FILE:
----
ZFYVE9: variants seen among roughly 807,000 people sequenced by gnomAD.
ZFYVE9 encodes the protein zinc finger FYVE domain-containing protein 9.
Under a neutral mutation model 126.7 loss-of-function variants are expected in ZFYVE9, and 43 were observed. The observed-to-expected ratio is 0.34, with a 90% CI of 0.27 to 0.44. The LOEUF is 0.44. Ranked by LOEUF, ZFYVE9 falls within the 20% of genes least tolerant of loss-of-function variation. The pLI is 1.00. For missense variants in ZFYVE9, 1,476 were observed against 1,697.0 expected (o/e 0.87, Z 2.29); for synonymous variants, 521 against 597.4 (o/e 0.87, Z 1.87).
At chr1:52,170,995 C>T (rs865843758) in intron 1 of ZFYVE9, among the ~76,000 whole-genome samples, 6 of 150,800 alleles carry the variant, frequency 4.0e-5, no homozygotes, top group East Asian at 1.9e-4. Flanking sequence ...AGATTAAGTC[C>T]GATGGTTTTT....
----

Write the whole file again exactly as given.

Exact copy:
ZFYVE9: variants seen among roughly 807,000 people sequenced by gnomAD.
ZFYVE9 encodes the protein zinc finger FYVE domain-containing protein 9.
Under a neutral mutation model 126.7 loss-of-function variants are expected in ZFYVE9, and 43 were observed. The observed-to-expected ratio is 0.34, with a 90% CI of 0.27 to 0.44. The LOEUF is 0.44. Ranked by LOEUF, ZFYVE9 falls within the 20% of genes least tolerant of loss-of-function variation. The pLI is 1.00. For missense variants in ZFYVE9, 1,476 were observed against 1,697.0 expected (o/e 0.87, Z 2.29); for synonymous variants, 521 against 597.4 (o/e 0.87, Z 1.87).
At chr1:52,170,995 C>T (rs865843758) in intron 1 of ZFYVE9, among the ~76,000 whole-genome samples, 6 of 150,800 alleles carry the variant, frequency 4.0e-5, no homozygotes, top group East Asian at 1.9e-4. Flanking sequence ...AGATTAAGTC[C>T]GATGGTTTTT....